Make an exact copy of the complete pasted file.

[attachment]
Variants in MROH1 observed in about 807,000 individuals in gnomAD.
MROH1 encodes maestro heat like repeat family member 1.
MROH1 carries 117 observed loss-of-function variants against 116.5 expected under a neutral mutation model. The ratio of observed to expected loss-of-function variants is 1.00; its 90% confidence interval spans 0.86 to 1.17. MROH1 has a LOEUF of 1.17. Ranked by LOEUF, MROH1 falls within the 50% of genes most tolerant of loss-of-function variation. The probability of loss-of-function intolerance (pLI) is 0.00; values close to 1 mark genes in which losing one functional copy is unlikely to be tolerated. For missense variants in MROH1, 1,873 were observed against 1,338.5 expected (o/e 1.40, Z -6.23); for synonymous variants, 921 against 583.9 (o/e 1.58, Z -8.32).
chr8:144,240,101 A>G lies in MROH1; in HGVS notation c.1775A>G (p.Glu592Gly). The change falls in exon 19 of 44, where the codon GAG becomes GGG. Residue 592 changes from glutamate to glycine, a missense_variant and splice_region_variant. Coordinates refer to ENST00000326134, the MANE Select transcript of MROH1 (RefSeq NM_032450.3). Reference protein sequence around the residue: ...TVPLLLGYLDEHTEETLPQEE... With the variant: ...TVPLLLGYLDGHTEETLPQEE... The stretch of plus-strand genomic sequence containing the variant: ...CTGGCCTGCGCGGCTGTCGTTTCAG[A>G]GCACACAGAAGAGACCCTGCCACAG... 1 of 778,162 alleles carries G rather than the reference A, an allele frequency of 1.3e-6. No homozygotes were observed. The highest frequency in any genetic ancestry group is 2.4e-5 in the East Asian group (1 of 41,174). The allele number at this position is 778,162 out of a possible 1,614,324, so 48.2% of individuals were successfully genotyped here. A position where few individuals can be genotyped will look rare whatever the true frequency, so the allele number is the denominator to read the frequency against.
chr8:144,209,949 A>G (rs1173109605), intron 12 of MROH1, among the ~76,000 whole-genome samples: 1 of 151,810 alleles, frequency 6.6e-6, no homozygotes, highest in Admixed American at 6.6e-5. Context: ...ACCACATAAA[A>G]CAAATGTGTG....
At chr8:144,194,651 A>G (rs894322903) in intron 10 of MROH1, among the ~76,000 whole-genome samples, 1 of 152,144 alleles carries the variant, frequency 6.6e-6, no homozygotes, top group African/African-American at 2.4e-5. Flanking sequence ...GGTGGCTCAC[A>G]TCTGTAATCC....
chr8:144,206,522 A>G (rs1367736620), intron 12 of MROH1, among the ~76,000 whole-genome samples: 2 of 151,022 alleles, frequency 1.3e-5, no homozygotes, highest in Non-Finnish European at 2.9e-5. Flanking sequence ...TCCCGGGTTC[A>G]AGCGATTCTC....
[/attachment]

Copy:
Variants in MROH1 observed in about 807,000 individuals in gnomAD.
MROH1 encodes maestro heat like repeat family member 1.
MROH1 carries 117 observed loss-of-function variants against 116.5 expected under a neutral mutation model. The ratio of observed to expected loss-of-function variants is 1.00; its 90% confidence interval spans 0.86 to 1.17. MROH1 has a LOEUF of 1.17. Ranked by LOEUF, MROH1 falls within the 50% of genes most tolerant of loss-of-function variation. The probability of loss-of-function intolerance (pLI) is 0.00; values close to 1 mark genes in which losing one functional copy is unlikely to be tolerated. For missense variants in MROH1, 1,873 were observed against 1,338.5 expected (o/e 1.40, Z -6.23); for synonymous variants, 921 against 583.9 (o/e 1.58, Z -8.32).
chr8:144,240,101 A>G lies in MROH1; in HGVS notation c.1775A>G (p.Glu592Gly). The change falls in exon 19 of 44, where the codon GAG becomes GGG. Residue 592 changes from glutamate to glycine, a missense_variant and splice_region_variant. Coordinates refer to ENST00000326134, the MANE Select transcript of MROH1 (RefSeq NM_032450.3). Reference protein sequence around the residue: ...TVPLLLGYLDEHTEETLPQEE... With the variant: ...TVPLLLGYLDGHTEETLPQEE... The stretch of plus-strand genomic sequence containing the variant: ...CTGGCCTGCGCGGCTGTCGTTTCAG[A>G]GCACACAGAAGAGACCCTGCCACAG... 1 of 778,162 alleles carries G rather than the reference A, an allele frequency of 1.3e-6. No homozygotes were observed. The highest frequency in any genetic ancestry group is 2.4e-5 in the East Asian group (1 of 41,174). The allele number at this position is 778,162 out of a possible 1,614,324, so 48.2% of individuals were successfully genotyped here. A position where few individuals can be genotyped will look rare whatever the true frequency, so the allele number is the denominator to read the frequency against.
chr8:144,209,949 A>G (rs1173109605), intron 12 of MROH1, among the ~76,000 whole-genome samples: 1 of 151,810 alleles, frequency 6.6e-6, no homozygotes, highest in Admixed American at 6.6e-5. Context: ...ACCACATAAA[A>G]CAAATGTGTG....
At chr8:144,194,651 A>G (rs894322903) in intron 10 of MROH1, among the ~76,000 whole-genome samples, 1 of 152,144 alleles carries the variant, frequency 6.6e-6, no homozygotes, top group African/African-American at 2.4e-5. Flanking sequence ...GGTGGCTCAC[A>G]TCTGTAATCC....
chr8:144,206,522 A>G (rs1367736620), intron 12 of MROH1, among the ~76,000 whole-genome samples: 2 of 151,022 alleles, frequency 1.3e-5, no homozygotes, highest in Non-Finnish European at 2.9e-5. Flanking sequence ...TCCCGGGTTC[A>G]AGCGATTCTC....